SANTA CLARA, Calif. — Nick Bosa’s first-quarter sack of Aaron Rodgers wasn’t done on his own.

The 49ers rookie was able to bring the Packers quarterback to the ground in last week’s NFC Championship on a third down because he had help on the inside. DeForest Buckner beat the left guard as Bosa was bull rushing standout left tackle David Bakhtiari. Rodgers felt the pressure from Buckner and tried to escape to his left, allowing Bosa to peel off Bakhtiari and make the play toward the flat.

Without Buckner’s pressure, Bakhtiari formed a wall preventing Bosa from sniffing Rodgers. And Bosa’s push of Bakhtiari gave Buckner a lane over the guard’s left shoulder. Buckner didn’t get credit on the stat sheet but his work was key in Bosa netting the sack, his third in two playoff games.

It was one of many examples why San Francisco’s revamped pass rush has been lethal this season. The team’s top four pass rushers – Bosa, Buckner, Arik Armstead and Dee Ford – are all former first-round draft picks who can all win one-on-one matchups.

But they can also use their skills in tandem, which will be paramount in the Super Bowl against Patrick Mahomes and the Chiefs.

After all, the best way to bother a quarterback is pressure. Mahomes’ passer rating drops from 113.4 to 95.1 when pressured this season, according to Pro Football Focus, while his adjusted completion rate drops nearly 10 percent.

San Francisco was the league’s only team to have four players with at least 6.5 sacks in 2019. And it had 9.0 sacks in its two playoff games against Minnesota and Green Bay.

The Chiefs have the fastest group of skill players in the NFL, according to 49ers defensive coordinator Robert Saleh. The less time Mahomes has in the pocket, the less likely his targets can get down field for explosive plays. That will require San Francisco’s talented defensive line to play with force both individually and collectively.

“Every week, whether you’re playing a guy like Mahomes or a statue, it doesn’t matter,” Saleh said. “You have to have respect for where he is in the pocket. And your pass rush has to tie in with one another so that way you’re just not carelessly rushing the passer to where even a statue can buy time and escape the pocket and create an explosive play through an off-schedule play.”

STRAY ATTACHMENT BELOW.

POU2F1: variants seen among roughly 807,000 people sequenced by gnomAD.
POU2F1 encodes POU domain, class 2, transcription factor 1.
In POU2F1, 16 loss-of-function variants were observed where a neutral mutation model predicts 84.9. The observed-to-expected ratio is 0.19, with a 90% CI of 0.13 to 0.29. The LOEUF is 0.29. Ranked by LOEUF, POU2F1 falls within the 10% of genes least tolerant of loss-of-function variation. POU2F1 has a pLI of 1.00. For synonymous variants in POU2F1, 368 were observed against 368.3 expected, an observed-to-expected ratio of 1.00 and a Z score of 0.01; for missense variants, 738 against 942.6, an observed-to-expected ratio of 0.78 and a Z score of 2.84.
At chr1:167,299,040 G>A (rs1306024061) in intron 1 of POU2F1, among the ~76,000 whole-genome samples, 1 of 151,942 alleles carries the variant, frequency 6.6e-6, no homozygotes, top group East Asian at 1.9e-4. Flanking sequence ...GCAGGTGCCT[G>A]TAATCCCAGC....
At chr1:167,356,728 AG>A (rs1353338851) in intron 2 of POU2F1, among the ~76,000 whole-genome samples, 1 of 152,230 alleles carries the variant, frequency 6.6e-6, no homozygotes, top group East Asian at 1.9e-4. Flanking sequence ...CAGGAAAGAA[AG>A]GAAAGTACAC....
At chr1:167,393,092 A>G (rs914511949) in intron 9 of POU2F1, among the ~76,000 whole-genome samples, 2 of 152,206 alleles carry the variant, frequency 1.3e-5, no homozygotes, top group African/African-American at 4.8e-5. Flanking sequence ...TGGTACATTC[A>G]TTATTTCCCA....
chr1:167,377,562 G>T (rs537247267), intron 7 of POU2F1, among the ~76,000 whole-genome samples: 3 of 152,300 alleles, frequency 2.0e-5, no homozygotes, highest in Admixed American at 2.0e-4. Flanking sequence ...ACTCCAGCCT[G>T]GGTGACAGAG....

Bottling up Mahomes in the pocket will be a key. Mahomes has one of the best arms in recent memory, but his work outside the pocket is a lesser-known weapon.

“We’re back playing a mobile quarterback and one who could throw better than any we’ve faced,” Bosa said. “One of the biggest things is trying to keep him in the pocket and not let him escape when he wants to escape and make him uncomfortable.”

The 49ers remember this well from Week 3 last season. On a play that started at the 4-yard line, Mahomes felt pressure and moved to his left where Cassius Marsh was looming, and Mahomes spun all the way back around toward the right. He fired a missile – on the run from the 20-yard line – and nailed receiver Chris Conley in the back corner of the end zone.

That type of play has been far more difficult to accomplish against the 49ers this season because of the complementary work from the pass rushers. The team has focused on having discipline with its pass rushing angles to avoid creating open spaces to exploit.

Right tackle Mike McGlinchey went against San Francisco’s defensive front throughout the offseason and training camp.

“A quarterback can always avoid and escape one guy – or has a chance to win than when everything’s just collapsing around him. I think that the strength of our unit has been because four guys can get home so fast, or even if they’re not getting home, they’re still pushing back,” McGlinchey said.

The addition of Ford, for example, gives the 49ers one of the quicker defensive ends off the edge in the entire NFL. His presence on the other side of the field last year might have prevented Mahomes from having room to his right, where he lasered his first of three touchdown passes.

Saleh was asked about the difference Bosa and Ford bring to the pass rush the team might have been lacking last season.

“One, the speed that they bring to be able to run with a guy like Mahomes. When you have edge rushers, it speeds up the process of the quarterback, and, not that he needs speeding up, he already gets rid of it pretty quick. But it changes the game,” Saleh said. “It unlocks the offensive line so it creates a little bit more space and it gives the guys inside more space to operate.”

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